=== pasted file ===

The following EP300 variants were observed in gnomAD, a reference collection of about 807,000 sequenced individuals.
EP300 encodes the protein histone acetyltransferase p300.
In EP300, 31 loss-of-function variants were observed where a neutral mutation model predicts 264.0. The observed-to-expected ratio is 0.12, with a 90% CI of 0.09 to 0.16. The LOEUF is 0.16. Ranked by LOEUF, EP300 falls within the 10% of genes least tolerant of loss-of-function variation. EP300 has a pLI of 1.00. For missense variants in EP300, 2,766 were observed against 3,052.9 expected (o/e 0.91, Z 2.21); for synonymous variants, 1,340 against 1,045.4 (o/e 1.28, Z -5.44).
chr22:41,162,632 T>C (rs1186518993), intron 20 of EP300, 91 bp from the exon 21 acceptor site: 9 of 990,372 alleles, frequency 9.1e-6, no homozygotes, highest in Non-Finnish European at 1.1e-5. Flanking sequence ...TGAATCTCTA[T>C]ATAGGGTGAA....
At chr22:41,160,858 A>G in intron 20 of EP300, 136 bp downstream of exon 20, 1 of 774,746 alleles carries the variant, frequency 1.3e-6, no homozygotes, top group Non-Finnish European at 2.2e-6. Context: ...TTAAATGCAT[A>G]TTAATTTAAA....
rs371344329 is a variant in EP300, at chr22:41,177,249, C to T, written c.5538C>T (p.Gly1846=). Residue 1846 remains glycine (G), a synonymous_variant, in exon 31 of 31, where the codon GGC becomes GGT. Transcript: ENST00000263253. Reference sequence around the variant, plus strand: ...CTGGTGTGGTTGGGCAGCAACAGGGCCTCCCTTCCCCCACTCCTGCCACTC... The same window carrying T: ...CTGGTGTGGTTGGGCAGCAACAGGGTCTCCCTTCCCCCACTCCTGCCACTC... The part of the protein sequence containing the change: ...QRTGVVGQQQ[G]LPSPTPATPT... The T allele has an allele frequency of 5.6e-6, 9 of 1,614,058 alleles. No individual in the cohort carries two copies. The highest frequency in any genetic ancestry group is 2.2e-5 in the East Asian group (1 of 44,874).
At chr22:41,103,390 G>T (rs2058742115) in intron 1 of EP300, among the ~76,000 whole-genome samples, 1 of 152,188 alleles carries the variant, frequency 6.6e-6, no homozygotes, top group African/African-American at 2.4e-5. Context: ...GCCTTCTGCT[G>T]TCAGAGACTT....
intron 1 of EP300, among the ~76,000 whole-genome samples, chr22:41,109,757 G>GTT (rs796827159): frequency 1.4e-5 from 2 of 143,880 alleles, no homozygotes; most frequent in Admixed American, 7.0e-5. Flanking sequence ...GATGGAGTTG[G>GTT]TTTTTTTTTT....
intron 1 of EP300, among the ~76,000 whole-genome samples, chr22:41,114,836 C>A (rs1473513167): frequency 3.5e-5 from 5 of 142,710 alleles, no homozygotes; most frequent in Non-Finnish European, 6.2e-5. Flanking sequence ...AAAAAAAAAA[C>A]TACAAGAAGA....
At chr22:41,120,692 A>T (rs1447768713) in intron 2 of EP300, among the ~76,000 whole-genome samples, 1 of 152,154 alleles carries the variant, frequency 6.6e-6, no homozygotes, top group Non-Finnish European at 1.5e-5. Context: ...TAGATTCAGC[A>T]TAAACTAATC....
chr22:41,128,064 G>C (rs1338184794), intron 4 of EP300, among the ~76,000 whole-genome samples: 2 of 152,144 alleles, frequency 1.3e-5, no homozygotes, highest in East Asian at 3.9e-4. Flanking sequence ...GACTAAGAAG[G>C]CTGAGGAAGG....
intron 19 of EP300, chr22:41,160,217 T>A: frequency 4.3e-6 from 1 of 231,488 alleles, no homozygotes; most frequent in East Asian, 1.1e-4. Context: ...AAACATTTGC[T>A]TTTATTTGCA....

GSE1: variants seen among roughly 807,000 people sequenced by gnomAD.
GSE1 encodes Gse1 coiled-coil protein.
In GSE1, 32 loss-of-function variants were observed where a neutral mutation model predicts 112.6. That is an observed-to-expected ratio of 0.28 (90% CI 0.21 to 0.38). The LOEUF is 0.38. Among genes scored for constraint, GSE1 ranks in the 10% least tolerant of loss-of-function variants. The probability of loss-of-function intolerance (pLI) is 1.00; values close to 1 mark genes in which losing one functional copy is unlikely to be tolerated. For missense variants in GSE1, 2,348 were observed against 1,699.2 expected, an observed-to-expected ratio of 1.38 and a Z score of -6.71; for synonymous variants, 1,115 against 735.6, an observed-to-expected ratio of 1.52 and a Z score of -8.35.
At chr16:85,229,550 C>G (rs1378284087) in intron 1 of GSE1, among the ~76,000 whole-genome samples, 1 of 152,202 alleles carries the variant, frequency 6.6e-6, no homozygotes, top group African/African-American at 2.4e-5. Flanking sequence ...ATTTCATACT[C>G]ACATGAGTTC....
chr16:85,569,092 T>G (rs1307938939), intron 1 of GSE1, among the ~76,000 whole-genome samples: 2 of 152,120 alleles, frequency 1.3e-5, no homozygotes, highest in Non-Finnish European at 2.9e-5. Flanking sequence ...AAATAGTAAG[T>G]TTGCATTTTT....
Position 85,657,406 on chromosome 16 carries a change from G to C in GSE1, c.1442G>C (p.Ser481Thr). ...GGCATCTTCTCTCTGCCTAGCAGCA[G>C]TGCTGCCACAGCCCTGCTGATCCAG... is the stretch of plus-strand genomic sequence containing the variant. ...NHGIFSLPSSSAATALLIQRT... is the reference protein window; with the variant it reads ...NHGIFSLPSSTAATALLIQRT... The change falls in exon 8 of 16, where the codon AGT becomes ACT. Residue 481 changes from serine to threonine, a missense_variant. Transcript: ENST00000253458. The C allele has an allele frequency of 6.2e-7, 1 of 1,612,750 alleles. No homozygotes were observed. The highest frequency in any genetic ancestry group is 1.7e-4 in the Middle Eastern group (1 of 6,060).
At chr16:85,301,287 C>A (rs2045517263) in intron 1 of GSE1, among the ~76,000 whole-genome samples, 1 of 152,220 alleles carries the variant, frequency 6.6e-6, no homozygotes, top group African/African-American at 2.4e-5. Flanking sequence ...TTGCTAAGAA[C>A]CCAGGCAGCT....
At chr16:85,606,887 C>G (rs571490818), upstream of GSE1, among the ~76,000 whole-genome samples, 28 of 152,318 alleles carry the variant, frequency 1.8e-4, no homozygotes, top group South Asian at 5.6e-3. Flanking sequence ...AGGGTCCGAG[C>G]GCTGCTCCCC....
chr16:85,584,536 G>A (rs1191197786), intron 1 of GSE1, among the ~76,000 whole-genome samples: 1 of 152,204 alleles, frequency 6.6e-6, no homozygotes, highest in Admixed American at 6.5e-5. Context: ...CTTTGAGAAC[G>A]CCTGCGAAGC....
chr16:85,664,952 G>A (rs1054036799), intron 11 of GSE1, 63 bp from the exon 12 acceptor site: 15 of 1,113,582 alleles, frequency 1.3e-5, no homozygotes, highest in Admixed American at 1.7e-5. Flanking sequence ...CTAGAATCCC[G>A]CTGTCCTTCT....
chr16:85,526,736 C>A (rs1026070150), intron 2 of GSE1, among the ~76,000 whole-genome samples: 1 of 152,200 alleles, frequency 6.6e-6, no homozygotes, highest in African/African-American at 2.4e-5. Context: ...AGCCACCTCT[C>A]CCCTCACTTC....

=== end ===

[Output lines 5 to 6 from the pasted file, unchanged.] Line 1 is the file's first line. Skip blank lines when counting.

At chr22:41,160,858 A>G in intron 20 of EP300, 136 bp downstream of exon 20, 1 of 774,746 alleles carries the variant, frequency 1.3e-6, no homozygotes, top group Non-Finnish European at 2.2e-6. Context: ...TTAAATGCAT[A>G]TTAATTTAAA....
rs371344329 is a variant in EP300, at chr22:41,177,249, C to T, written c.5538C>T (p.Gly1846=). Residue 1846 remains glycine (G), a synonymous_variant, in exon 31 of 31, where the codon GGC becomes GGT. Transcript: ENST00000263253. Reference sequence around the variant, plus strand: ...CTGGTGTGGTTGGGCAGCAACAGGGCCTCCCTTCCCCCACTCCTGCCACTC... The same window carrying T: ...CTGGTGTGGTTGGGCAGCAACAGGGTCTCCCTTCCCCCACTCCTGCCACTC... The part of the protein sequence containing the change: ...QRTGVVGQQQ[G]LPSPTPATPT... The T allele has an allele frequency of 5.6e-6, 9 of 1,614,058 alleles. No individual in the cohort carries two copies. The highest frequency in any genetic ancestry group is 2.2e-5 in the East Asian group (1 of 44,874).